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Fairfax County Senior Centers

Senior Centers for Active Adults offer opportunities to make friends, stay on the move, and learn new things. Fairfax County residents age 55 and older may join any of the 13 senior centers sponsored by the Department of Neighborhood and Community Services. Senior centers offer classes, health and wellness programs, computer and internet access, trips and tours, and opportunities to socialize with others and stay connected with your community. There is an annual membership fee of $48 for attending the senior centers. Visit www.fairfaxcounty.gov/ncs/srctrs.htm for more.

Thanks, Coach…

…my Certified Holistic Health Coach, Rebecca Nenner, that is. (Visit www.healthcoachdiva.com for information leading to a healthier lifestyle.) More than a coach, Rebecca is my friend – and has been for many years. A former co-worker at the Connection Newspapers, Rebecca is as passionate about health and fitness as I am about the Boston Red Sox. She has been my guiding hand now for over five years, most especially when I was first diagnosed with stage IV lung cancer back in February, 2009. Although there are no whistles involved in her coaching, there are phone calls, e-mails, YouTube videos, Webinars and miscellaneous other advisories regularly landing in my in box. To say Rebecca has saved my life might be an overstatement, given that I am being treated by an oncologist; however, she has given me an alternate perspective on what I can do to help my body survive my treatment and live like I have a present and a future, a gift if ever there was one.

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McAuliffe Talks Medicaid Expansion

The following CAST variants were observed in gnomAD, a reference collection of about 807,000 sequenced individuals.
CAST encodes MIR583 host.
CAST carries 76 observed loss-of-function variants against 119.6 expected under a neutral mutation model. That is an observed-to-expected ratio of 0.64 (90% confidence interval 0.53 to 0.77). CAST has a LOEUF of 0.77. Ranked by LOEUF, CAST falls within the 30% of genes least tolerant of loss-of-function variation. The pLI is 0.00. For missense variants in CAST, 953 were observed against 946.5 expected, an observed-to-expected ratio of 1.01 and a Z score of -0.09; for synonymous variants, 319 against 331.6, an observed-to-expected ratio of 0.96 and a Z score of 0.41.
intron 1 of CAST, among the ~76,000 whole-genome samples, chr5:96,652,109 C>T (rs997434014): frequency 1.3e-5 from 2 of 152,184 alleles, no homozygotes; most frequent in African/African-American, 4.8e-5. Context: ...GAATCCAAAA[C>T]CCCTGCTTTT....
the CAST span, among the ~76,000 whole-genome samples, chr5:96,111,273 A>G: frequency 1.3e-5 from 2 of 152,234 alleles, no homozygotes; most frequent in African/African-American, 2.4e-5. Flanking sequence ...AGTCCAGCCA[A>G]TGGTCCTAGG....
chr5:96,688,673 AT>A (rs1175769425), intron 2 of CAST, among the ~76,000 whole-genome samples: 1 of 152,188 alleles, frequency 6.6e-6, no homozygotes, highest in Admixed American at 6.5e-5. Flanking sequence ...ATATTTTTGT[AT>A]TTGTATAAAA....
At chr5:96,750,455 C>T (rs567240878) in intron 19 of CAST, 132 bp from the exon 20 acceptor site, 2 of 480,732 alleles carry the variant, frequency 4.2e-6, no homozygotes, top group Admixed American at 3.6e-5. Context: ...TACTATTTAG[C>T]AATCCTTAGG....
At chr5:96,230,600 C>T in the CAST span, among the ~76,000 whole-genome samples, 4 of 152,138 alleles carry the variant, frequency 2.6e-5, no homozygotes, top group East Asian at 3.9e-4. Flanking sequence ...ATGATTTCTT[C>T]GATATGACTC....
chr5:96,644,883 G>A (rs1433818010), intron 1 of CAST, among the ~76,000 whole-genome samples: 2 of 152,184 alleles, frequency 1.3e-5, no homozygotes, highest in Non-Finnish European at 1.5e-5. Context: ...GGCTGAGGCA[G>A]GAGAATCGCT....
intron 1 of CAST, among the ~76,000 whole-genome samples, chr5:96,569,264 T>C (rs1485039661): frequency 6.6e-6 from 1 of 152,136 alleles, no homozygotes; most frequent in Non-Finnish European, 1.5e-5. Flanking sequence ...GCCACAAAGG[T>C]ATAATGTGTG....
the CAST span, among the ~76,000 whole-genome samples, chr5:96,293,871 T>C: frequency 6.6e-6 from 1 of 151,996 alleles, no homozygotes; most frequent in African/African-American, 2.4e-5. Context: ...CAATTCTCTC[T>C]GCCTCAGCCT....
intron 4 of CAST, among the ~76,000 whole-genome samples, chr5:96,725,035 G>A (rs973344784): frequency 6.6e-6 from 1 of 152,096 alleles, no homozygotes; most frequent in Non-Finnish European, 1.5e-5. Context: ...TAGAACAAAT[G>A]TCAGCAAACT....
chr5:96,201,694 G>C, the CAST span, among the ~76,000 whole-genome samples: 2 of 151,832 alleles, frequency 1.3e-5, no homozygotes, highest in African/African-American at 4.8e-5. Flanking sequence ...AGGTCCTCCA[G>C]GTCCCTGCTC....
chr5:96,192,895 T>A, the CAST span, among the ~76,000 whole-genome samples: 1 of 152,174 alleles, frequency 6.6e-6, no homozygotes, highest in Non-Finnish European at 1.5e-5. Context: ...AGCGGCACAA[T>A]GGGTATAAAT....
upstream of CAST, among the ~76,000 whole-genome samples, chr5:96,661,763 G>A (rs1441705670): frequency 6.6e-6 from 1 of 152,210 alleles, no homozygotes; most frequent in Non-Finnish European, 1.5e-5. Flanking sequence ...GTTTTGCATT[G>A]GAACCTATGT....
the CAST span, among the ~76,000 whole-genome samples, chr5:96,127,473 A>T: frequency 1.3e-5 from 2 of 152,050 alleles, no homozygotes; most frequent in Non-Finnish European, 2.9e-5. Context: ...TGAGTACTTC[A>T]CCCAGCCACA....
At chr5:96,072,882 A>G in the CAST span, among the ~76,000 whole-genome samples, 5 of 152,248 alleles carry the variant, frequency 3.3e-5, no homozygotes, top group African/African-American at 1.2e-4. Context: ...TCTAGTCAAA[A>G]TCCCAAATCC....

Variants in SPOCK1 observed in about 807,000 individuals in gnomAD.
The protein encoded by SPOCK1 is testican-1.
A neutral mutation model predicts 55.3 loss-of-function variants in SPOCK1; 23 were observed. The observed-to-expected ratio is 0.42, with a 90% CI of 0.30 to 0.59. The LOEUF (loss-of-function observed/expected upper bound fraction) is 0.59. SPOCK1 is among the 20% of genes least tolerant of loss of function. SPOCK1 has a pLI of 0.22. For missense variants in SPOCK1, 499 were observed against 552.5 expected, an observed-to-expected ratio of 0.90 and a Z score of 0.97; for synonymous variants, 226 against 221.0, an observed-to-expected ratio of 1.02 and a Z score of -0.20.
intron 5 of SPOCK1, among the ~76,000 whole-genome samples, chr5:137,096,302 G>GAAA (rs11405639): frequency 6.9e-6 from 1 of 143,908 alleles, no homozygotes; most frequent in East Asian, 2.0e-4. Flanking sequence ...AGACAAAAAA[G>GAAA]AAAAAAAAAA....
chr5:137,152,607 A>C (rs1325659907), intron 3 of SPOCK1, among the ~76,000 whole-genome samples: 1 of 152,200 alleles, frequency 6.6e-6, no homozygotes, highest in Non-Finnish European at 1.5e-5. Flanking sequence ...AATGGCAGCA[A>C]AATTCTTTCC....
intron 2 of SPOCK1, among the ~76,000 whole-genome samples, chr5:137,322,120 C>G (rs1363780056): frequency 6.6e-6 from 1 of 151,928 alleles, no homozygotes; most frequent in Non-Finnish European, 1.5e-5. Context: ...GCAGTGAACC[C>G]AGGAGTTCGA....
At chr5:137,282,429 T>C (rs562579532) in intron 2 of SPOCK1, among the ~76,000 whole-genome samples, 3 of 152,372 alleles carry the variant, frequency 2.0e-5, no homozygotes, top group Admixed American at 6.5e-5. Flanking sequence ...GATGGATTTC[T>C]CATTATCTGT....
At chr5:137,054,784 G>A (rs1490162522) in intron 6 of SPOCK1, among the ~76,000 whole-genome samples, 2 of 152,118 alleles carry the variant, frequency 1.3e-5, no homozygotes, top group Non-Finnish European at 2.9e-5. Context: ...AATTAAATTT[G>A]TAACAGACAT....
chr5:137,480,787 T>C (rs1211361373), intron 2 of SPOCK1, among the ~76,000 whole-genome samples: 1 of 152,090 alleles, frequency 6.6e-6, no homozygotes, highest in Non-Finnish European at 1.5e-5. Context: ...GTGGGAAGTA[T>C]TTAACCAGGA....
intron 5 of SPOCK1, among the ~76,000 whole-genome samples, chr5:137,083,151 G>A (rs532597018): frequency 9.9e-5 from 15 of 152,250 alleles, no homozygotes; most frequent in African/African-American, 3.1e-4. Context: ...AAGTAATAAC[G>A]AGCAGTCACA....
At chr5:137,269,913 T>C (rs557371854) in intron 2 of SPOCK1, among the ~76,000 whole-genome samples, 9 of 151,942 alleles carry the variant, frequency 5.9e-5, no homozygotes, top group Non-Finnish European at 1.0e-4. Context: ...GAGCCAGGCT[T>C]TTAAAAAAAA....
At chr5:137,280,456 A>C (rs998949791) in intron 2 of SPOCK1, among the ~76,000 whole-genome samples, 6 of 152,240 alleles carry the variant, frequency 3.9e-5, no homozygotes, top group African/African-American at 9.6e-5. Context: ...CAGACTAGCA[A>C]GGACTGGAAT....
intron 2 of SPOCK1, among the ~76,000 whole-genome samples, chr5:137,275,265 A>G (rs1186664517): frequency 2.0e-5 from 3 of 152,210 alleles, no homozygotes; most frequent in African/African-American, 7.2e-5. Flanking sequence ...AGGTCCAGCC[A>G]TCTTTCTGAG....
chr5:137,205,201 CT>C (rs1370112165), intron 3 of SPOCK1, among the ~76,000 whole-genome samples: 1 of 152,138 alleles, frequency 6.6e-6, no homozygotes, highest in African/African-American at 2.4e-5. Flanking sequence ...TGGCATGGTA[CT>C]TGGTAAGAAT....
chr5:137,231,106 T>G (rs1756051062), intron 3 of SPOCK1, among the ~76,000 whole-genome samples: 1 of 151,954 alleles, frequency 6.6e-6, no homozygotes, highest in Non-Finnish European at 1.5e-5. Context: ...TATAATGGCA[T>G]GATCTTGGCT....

Patients share stories at Medicaid expansion roundtable.

Just a few days before the Virginia General Assembly convened in a special session in Richmond to decide on the budget and the possibility of Medicaid expansion, Gov. Terry McAuliffe met with patients of Alexandria Neighborhood Health Services in Arlington, as they shared with him how Medicaid expansion would change their lives for the better.

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Area Residents Depend On Medicaid Coverage

Surovell, Puller host Medicaid expansion town hall.

Before heading to Richmond to debate what Sen. Toddy Puller describes as the “biggest battle” that will occur during this session of the General Assembly, Puller joined Del. Scott Surovell and Virginia Secretary of Health and Human Resources Bill Hazel to discuss Medicaid expansion and its possible impact on the Mount Vernon and Lee communities.

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Fairfax Apartment Fire: $2 Million in Damage

A two-alarm fire Monday afternoon at a Fairfax apartment building displaced some 25 residents and caused an estimated $2 million damage. Roughly 80 City of Fairfax firefighters raced to 4311 Bob Court, March 24, around 3:45 p.m., after a report of a fire with people trapped in the building.

Another Milestone

March 30, 2014. My age 59 and a half (9/30/54 is my date of birth). The age at which money deposited into an Individual Retirement Account (IRA) can be withdrawn without incurring a 10 percent early-withdrawal penalty from the Internal Revenue Service (IRS). Not that I’m retiring. I am remembering though when this cancer-centric life of mine began.

Our Daily Bread Receives Grant

Our Daily Bread (ODB) is always helping people in need; now it’s receiving a helping hand to continue carrying on its work. The Fairfax nonprofit has just been awarded a $25,000 grant by the United Way of the National Capital Area (NCA). The money will expand ODB’s ability to provide grocery cards via its Food Bridge Program. These cards are given to Fairfax County residents participating in ODB’s supplemental delivered-food program, as well as to people referred to the organization for emergency food assistance.

Baking a Difference for Children

Icing Smiles to be featured at cake show in Fairfax.

Icing Smiles, an organization that provides custom cakes for critically ill children, will be highlighted at The National Capital Area Cake Show at Fairfax High School.

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Having Fun, Raising Money

Life Time holding Zumba-Latin Fusion dance class for MDA.

Peter Callas is living a happy and productive life, both personally and professionally. But it wouldn’t have been possible without his own determination, the love of his family and support from the Muscular Dystrophy Association (MDA).

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Gartlan Center to Open March 27

CSB integrates primary and behavioral health care at Gartlan Center.